Saturday, June 23, 2018

Teach Well: 2018-2019 Job Description

This is my one word for the year ahead, a word and descriptors
that will lead my practice in conjunction with systemwide goals.

It was an exceptionally busy, but overall positive, end of the school year. Thanks to my grade-level colleagues' leadership, willingness to try out new ideas, and engage in countless big projects we truly had a project-based learning end-of-the-year which included the fifth grade play, Global Changemakers presentation, Global Cardboard Challenge, and Rivers/Wetlands week. We assessed the students' thoughts about some of these efforts and we were happy to find that most children found most events positive. 

As I think ahead to next year, I continue to work to embed the main focus of my work into my thinking and efforts--a main focus that will result in a year, not unlike this one, where every child makes significant learning progress, grows in self esteem, self worth, and self confidence, learns to work with one another in ways that matter, and uses their passions, interests, needs, and challenges as stepping stones to happy, fulfilling goal setting, learning, and results. 

With that in mind, I want to write myself a job description that will capsulate the year ahead. Of course this description may change in time as I learn of other systemwide, school-wide, and grade-level goals, but for now this will the description I'll work with.

Teach Well: Job Description

Create an engaging, students-first, respectful, and collegial learning environment
When setting up the teaching/learning environment make sure that there's inspiring signage, accessible teaching/learning materials, visible positive protocols and policies, and  routines that foster kind, caring, successful individual and collaborative learning and teaching. 

In real time this means streamlining the classroom supplies so that the best supplies remain. It means thinking carefully about the signage I have in the room and the signage that students will create to lead our class community. This also means talking about this with the grade-level team to garner the best ideas and continuing to build a collective community of teaching/learning success.

Design, enrich, and embed engaging, meaningful, scaffolded learning experiences that present a just-right challenge for students. 
Think carefully about the learning experiences integrated into the learning/teaching program. Assess informally and formally to learn which strategies work best and why. Continue to build these efforts in ways that help students achieve confidence, inspiration, and learning success.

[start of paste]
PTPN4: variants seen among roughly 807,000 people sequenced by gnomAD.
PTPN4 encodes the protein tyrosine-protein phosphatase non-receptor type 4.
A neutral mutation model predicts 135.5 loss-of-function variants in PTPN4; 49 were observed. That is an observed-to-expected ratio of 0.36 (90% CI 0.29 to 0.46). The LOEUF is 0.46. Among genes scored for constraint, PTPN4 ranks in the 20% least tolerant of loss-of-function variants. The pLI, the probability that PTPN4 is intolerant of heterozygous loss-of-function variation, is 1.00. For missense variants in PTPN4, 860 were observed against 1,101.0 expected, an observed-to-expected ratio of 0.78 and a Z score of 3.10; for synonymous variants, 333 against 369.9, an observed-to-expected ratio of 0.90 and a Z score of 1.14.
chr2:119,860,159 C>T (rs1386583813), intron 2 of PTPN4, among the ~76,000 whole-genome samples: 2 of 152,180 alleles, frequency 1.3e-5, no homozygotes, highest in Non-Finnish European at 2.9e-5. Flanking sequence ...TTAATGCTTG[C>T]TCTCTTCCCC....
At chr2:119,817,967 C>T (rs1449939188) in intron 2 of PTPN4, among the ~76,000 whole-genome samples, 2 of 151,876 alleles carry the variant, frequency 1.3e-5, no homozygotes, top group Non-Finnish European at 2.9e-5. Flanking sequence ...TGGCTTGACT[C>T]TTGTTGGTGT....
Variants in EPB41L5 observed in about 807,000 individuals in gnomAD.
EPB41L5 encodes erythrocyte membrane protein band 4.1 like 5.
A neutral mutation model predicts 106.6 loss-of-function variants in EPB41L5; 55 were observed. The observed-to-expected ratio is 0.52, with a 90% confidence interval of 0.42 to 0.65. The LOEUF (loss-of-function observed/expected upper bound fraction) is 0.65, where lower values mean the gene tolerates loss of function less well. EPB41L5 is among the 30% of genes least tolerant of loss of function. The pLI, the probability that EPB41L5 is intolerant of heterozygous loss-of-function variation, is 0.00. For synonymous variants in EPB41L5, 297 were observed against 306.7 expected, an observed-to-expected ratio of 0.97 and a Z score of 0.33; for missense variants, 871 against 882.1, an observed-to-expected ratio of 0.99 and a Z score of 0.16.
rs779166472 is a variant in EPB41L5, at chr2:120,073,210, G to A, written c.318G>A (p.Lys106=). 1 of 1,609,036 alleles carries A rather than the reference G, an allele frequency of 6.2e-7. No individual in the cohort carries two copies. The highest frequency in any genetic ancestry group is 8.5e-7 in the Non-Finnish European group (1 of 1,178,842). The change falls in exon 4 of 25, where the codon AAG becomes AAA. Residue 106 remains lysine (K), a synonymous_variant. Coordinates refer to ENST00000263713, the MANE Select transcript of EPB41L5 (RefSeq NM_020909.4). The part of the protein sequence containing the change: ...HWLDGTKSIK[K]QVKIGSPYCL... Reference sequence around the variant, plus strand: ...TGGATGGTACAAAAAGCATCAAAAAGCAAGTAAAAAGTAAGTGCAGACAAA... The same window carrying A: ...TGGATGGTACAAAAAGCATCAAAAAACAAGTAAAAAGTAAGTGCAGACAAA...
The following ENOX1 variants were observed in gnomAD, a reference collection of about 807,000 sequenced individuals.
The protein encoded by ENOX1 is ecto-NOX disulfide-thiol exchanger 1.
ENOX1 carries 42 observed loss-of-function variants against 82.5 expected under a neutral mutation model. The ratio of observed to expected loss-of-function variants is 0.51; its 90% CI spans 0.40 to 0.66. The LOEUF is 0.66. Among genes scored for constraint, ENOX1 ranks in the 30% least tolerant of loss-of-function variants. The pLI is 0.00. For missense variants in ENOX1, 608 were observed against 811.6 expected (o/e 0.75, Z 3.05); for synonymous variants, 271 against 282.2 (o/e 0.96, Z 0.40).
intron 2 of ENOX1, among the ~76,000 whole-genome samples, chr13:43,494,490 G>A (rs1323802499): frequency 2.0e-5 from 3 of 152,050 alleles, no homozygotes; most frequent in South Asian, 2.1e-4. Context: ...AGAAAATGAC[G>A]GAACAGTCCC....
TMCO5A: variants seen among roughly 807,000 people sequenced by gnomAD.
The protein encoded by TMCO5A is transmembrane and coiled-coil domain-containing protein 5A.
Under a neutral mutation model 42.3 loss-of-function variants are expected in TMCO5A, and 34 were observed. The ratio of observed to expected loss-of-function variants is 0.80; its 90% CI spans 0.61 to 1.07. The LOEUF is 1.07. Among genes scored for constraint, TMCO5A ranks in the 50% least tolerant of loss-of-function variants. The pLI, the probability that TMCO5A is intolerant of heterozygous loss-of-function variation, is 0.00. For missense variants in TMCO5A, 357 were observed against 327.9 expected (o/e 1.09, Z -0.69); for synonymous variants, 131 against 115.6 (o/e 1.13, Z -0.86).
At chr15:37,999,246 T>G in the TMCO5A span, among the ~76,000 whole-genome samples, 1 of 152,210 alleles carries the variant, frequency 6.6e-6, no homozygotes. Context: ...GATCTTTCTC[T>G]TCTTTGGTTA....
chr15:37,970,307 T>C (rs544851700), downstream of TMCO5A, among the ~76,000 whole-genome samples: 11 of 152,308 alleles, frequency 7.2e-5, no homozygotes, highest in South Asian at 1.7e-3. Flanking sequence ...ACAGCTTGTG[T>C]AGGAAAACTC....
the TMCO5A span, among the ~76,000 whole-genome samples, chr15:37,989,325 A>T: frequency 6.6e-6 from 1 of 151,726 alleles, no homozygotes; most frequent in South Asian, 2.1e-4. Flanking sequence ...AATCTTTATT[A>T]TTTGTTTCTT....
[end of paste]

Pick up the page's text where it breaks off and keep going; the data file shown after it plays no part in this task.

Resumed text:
Map the curriculum
Work with colleagues and systemwide expectations and structures to map the curriculum year in an effort to design a meaningful, engaging year of learning that results in meeting expectations, happiness, and lots of positive progress. Questions that might lead this work include the following:
  • Where did students succeed well given last year's learning map?
  • Where did we run into problems with achieving the teaching/learning goals?
  • What would you like to do differently? Why will that elevate the program for children?
  • What are our program priorities?
  • How can we use our collective service delivery time best to meet those priorities?
Know your students well. Develop strong relationships, and work with them to assess and then set meaningful learning goals.
Make time to get to know your students in meaningful ways. Listen to their words. Hear and observe their needs, challenges, passions, and interests. Work with them to set meaningful grade-level learning goals. 

Regularly assess, goal-set, engage in productive dialogue, and provide feedback with and for students.
See yourself as the coach who continually works with children to reach their academic and social-emotional learning goals with regular productive dialogue and helpful feedback.

Work collaboratively to establish positive teaching/learning routines and schedules.
Essentially positive routines and schedules result in students having the kinds of supports, independence, understanding, and daily exercises that help each child learn with confidence and success. Poor schedules and routines include lots of down time or passive teaching/learning time whereas more successful schedules find students actively and positively engaged in meaningful learning including productive struggle, good coaching, asking questions, project/problem based learning, apt practice, experiential learning, expert visitors, and presentation of learning results. 

Complete school-wide and systemwide requirements, and contribute to systemwide and school-wide discussions, endeavor, and initiatives when invited or inspired
No teacher can do all or be all, but all teachers have a valuable vantage point when it comes to systemwide decisions and efforts, so it's important for educators to speak up with respect, honesty, and care when invited or inspired to do so. It's vital to keep in mind when you do speak up that you are one voice and one vantage point, however your important perspective will not be heard if you don't speak up. In matters of great import, it's best to work with others in systematic ways to voice your concern, speak up, and if needed, make change.

Be a lifelong learner and continue to develop your professional practice and expertise
Acknowledge the areas in which you desire to develop your learning/teaching repertoire, and invest in reading, attending conferences, and building your expertise and skill in those areas regularly.